But could you give an example of your $3 one? Or a favorite?
A startup company called Silicon Blue came out with a line of FPGAs targeted to the high volume, low power market that exists for portable devices. They were preparing their second device family and were bought by Lattice Semi. The first family was dropped and the second family is the iCE40 (for 40 nm). They are very low power although smallish. The largest one has 8 kLUTs, the smallest 384 LUTs.
Last winter I was looking at designing a very low power radio controlled clock to run in one of these. They were still playing a shell game with the devices in the lineup and the 640 LUT part I wanted to use was dropped... :( The only real problem I have with these devices is the packaging. Because of the target market the packages are mostly fine pitch BGAs. Great if you are making a cell phone, not so great if you are designing other equipment.
You can get the 1 kLUT parts for under $3 and possibly the 4 kLUT parts. It has been a while since I got a quote. The 1 kLUT part is big enough for a soft core MCU plus some custom logic.
BTW, with MCUs Digikey will give you a realistic price quote. In the FPGA world the distis never give you a good price unless you ask for a quantity quote. I have gotten prices quoted to me that were half the list price. FPGA companies play a different marketing game and have a lot of room to negotiate in order to buy a socket.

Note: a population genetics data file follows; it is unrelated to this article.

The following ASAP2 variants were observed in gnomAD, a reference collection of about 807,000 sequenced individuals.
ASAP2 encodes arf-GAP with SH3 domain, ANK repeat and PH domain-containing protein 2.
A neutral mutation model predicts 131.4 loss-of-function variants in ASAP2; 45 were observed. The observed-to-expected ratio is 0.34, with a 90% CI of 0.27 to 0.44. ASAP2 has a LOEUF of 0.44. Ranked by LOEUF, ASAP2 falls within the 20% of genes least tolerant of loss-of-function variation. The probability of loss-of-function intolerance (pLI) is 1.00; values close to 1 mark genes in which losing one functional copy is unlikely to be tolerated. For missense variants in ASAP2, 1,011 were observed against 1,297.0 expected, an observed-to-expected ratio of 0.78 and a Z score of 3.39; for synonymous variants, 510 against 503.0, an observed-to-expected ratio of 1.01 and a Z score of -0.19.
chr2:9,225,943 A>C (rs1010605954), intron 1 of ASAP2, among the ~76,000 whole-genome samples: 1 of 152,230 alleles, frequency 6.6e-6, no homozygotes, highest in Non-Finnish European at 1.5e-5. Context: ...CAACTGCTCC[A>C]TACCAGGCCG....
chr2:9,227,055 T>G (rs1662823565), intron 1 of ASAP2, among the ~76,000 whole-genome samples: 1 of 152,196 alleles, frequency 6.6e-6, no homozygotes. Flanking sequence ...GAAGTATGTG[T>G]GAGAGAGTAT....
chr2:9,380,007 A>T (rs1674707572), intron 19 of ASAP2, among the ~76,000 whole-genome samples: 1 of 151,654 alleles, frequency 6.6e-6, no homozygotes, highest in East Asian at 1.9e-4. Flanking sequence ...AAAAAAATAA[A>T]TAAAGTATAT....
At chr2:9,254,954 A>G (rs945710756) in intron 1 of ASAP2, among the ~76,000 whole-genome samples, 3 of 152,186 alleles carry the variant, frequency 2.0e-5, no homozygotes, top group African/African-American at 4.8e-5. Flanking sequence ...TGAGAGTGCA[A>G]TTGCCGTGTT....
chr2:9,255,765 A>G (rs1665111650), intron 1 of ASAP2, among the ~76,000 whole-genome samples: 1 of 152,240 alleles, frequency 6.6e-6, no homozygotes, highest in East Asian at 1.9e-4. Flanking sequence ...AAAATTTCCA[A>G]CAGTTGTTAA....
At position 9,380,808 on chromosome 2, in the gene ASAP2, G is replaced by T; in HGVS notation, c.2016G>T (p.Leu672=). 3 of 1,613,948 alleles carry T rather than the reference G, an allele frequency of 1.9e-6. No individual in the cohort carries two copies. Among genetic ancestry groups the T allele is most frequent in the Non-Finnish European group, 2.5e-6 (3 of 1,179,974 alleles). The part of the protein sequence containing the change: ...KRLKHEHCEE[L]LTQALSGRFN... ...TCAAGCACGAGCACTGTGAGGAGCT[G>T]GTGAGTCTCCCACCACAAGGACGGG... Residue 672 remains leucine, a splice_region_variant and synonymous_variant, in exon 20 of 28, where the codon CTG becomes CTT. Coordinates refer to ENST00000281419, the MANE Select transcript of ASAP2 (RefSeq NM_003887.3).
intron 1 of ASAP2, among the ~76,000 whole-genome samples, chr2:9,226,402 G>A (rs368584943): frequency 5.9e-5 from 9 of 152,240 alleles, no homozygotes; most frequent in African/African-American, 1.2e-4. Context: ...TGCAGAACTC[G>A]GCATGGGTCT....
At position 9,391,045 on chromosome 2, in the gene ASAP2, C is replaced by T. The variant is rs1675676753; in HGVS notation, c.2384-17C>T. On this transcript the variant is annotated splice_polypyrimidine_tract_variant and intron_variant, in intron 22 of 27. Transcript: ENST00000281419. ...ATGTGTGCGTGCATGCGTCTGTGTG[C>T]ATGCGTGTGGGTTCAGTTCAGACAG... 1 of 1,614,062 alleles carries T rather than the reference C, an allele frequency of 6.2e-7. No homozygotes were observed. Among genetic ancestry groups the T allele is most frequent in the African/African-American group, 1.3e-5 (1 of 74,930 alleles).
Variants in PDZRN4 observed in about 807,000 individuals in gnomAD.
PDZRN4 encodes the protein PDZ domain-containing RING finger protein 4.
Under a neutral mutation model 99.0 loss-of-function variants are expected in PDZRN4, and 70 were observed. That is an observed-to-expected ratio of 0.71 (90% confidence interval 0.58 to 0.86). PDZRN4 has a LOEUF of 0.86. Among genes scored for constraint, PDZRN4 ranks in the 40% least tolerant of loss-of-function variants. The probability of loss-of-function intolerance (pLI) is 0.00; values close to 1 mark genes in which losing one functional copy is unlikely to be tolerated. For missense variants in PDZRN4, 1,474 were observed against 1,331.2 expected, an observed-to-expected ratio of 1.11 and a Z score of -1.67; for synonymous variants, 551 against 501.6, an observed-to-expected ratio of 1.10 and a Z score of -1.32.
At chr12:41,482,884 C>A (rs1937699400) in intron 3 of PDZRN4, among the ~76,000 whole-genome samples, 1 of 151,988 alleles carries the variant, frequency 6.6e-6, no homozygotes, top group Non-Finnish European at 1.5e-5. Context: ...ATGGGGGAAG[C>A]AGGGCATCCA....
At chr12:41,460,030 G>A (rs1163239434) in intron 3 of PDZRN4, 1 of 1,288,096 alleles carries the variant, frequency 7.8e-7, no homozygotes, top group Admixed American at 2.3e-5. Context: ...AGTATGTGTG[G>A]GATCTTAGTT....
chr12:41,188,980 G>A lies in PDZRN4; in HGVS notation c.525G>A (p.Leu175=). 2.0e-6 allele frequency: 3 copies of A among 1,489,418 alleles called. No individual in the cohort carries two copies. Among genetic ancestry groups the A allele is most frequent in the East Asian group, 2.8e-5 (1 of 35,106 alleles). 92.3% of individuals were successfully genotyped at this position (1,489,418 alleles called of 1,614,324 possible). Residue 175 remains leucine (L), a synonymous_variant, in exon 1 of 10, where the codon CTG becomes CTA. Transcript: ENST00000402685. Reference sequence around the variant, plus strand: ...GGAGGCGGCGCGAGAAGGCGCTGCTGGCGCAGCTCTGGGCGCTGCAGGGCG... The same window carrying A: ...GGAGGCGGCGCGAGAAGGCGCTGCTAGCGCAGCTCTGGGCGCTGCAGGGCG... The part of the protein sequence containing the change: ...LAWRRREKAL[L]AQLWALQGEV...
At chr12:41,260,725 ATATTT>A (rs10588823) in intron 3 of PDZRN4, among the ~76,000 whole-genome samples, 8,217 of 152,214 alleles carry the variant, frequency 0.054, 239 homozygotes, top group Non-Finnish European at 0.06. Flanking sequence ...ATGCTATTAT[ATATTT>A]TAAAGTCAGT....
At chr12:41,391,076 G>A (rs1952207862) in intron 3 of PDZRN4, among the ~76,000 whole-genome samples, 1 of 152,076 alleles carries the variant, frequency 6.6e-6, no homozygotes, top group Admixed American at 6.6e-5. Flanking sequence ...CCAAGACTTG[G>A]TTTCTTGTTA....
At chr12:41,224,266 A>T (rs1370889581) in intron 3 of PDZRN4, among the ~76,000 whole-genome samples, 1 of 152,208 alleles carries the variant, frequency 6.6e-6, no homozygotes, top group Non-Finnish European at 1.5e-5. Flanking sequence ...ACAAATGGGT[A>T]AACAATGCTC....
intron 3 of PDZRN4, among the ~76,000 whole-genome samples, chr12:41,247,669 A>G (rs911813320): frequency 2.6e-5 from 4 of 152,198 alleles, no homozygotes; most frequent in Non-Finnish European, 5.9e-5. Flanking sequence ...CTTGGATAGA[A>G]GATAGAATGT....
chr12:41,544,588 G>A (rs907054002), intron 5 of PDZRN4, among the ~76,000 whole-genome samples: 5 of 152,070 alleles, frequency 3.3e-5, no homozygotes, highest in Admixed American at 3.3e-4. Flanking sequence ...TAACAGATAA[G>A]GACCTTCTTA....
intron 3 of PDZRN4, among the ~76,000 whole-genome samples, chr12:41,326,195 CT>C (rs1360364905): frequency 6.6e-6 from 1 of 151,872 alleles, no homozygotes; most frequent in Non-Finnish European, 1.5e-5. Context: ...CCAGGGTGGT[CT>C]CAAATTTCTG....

Most of the really powerful FPGA that I connected to or had to review designs with them in there were painfully expensive.
Yes, on most but _not_ all. That's key.
I disagree with the statement "it doesn't matter where the worker is". Because sometimes (not always) it does matter. And when it does, close proximity is very important. Then you need to literally work side-by-side. Done it many times.
Our local SW guy sold his horse ranch and moved out of California. Only to Reno which is under 2h drive but that's already a bit far. And in winter you might not get through the pass or can't get back home.
My only foray into the world of programmable logic was an old Intel series. Because it was the first that didn't guzzle power as if it was free. But in hindsight I was glad I abandoned that. Because Intel did.
Yeah, maybe next time I need major logic we should talk. But better not about politics :-)
Hmm, I was looking at audio interfacing just yesterday because I am going to need that on one new project. There's plenty out there that should be directly adressable via MCU. For me it's probably going to be something from the PCM290x series but there's also SPI variants and so on.